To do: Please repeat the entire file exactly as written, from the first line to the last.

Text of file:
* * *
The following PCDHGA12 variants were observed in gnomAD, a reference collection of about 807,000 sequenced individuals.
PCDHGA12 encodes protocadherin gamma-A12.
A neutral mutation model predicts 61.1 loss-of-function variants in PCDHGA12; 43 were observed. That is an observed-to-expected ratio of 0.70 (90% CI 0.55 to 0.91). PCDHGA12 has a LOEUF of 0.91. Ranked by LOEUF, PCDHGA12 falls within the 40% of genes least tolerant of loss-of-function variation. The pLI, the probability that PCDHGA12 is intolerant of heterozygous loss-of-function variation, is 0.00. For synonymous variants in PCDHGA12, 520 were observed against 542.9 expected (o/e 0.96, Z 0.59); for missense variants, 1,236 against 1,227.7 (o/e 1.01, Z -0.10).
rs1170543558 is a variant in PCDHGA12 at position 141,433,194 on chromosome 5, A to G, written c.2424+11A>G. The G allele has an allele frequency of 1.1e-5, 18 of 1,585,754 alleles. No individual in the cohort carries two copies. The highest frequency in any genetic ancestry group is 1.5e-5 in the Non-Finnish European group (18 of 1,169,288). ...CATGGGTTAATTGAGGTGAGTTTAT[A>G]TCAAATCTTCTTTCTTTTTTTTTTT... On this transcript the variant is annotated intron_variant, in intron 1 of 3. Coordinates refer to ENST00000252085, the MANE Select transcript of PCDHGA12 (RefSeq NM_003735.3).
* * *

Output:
The following PCDHGA12 variants were observed in gnomAD, a reference collection of about 807,000 sequenced individuals.
PCDHGA12 encodes protocadherin gamma-A12.
A neutral mutation model predicts 61.1 loss-of-function variants in PCDHGA12; 43 were observed. That is an observed-to-expected ratio of 0.70 (90% CI 0.55 to 0.91). PCDHGA12 has a LOEUF of 0.91. Ranked by LOEUF, PCDHGA12 falls within the 40% of genes least tolerant of loss-of-function variation. The pLI, the probability that PCDHGA12 is intolerant of heterozygous loss-of-function variation, is 0.00. For synonymous variants in PCDHGA12, 520 were observed against 542.9 expected (o/e 0.96, Z 0.59); for missense variants, 1,236 against 1,227.7 (o/e 1.01, Z -0.10).
rs1170543558 is a variant in PCDHGA12 at position 141,433,194 on chromosome 5, A to G, written c.2424+11A>G. The G allele has an allele frequency of 1.1e-5, 18 of 1,585,754 alleles. No individual in the cohort carries two copies. The highest frequency in any genetic ancestry group is 1.5e-5 in the Non-Finnish European group (18 of 1,169,288). ...CATGGGTTAATTGAGGTGAGTTTAT[A>G]TCAAATCTTCTTTCTTTTTTTTTTT... On this transcript the variant is annotated intron_variant, in intron 1 of 3. Coordinates refer to ENST00000252085, the MANE Select transcript of PCDHGA12 (RefSeq NM_003735.3).